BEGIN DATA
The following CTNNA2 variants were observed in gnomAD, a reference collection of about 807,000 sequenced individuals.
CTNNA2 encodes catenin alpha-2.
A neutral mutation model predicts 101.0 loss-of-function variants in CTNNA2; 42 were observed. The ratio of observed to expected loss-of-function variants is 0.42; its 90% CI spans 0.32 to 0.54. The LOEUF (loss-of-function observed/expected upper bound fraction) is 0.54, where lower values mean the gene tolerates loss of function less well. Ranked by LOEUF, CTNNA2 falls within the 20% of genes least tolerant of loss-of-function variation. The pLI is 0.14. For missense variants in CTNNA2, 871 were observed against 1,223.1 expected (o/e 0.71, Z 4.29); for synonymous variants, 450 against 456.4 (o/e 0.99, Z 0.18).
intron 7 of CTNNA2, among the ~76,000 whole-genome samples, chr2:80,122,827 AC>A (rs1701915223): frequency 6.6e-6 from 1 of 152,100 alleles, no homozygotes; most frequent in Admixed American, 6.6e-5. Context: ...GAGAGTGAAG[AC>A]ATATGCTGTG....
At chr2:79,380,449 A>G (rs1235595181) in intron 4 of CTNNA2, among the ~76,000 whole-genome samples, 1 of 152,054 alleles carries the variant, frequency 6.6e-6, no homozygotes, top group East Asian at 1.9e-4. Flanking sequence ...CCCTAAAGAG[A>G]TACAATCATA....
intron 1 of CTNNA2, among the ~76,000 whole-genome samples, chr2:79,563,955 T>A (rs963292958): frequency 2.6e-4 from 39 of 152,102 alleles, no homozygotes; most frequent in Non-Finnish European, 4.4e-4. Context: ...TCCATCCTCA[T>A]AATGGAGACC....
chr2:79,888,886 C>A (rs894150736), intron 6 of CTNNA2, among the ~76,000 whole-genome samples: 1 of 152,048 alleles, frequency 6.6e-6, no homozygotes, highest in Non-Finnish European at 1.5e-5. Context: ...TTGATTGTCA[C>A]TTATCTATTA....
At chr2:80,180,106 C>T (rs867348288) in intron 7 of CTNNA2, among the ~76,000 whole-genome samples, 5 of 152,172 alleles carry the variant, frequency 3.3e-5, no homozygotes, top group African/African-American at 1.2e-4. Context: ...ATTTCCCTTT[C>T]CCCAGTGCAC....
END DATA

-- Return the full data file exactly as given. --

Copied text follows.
The following CTNNA2 variants were observed in gnomAD, a reference collection of about 807,000 sequenced individuals.
CTNNA2 encodes catenin alpha-2.
A neutral mutation model predicts 101.0 loss-of-function variants in CTNNA2; 42 were observed. The ratio of observed to expected loss-of-function variants is 0.42; its 90% CI spans 0.32 to 0.54. The LOEUF (loss-of-function observed/expected upper bound fraction) is 0.54, where lower values mean the gene tolerates loss of function less well. Ranked by LOEUF, CTNNA2 falls within the 20% of genes least tolerant of loss-of-function variation. The pLI is 0.14. For missense variants in CTNNA2, 871 were observed against 1,223.1 expected (o/e 0.71, Z 4.29); for synonymous variants, 450 against 456.4 (o/e 0.99, Z 0.18).
intron 7 of CTNNA2, among the ~76,000 whole-genome samples, chr2:80,122,827 AC>A (rs1701915223): frequency 6.6e-6 from 1 of 152,100 alleles, no homozygotes; most frequent in Admixed American, 6.6e-5. Context: ...GAGAGTGAAG[AC>A]ATATGCTGTG....
At chr2:79,380,449 A>G (rs1235595181) in intron 4 of CTNNA2, among the ~76,000 whole-genome samples, 1 of 152,054 alleles carries the variant, frequency 6.6e-6, no homozygotes, top group East Asian at 1.9e-4. Flanking sequence ...CCCTAAAGAG[A>G]TACAATCATA....
intron 1 of CTNNA2, among the ~76,000 whole-genome samples, chr2:79,563,955 T>A (rs963292958): frequency 2.6e-4 from 39 of 152,102 alleles, no homozygotes; most frequent in Non-Finnish European, 4.4e-4. Context: ...TCCATCCTCA[T>A]AATGGAGACC....
chr2:79,888,886 C>A (rs894150736), intron 6 of CTNNA2, among the ~76,000 whole-genome samples: 1 of 152,048 alleles, frequency 6.6e-6, no homozygotes, highest in Non-Finnish European at 1.5e-5. Context: ...TTGATTGTCA[C>A]TTATCTATTA....
At chr2:80,180,106 C>T (rs867348288) in intron 7 of CTNNA2, among the ~76,000 whole-genome samples, 5 of 152,172 alleles carry the variant, frequency 3.3e-5, no homozygotes, top group African/African-American at 1.2e-4. Context: ...ATTTCCCTTT[C>T]CCCAGTGCAC....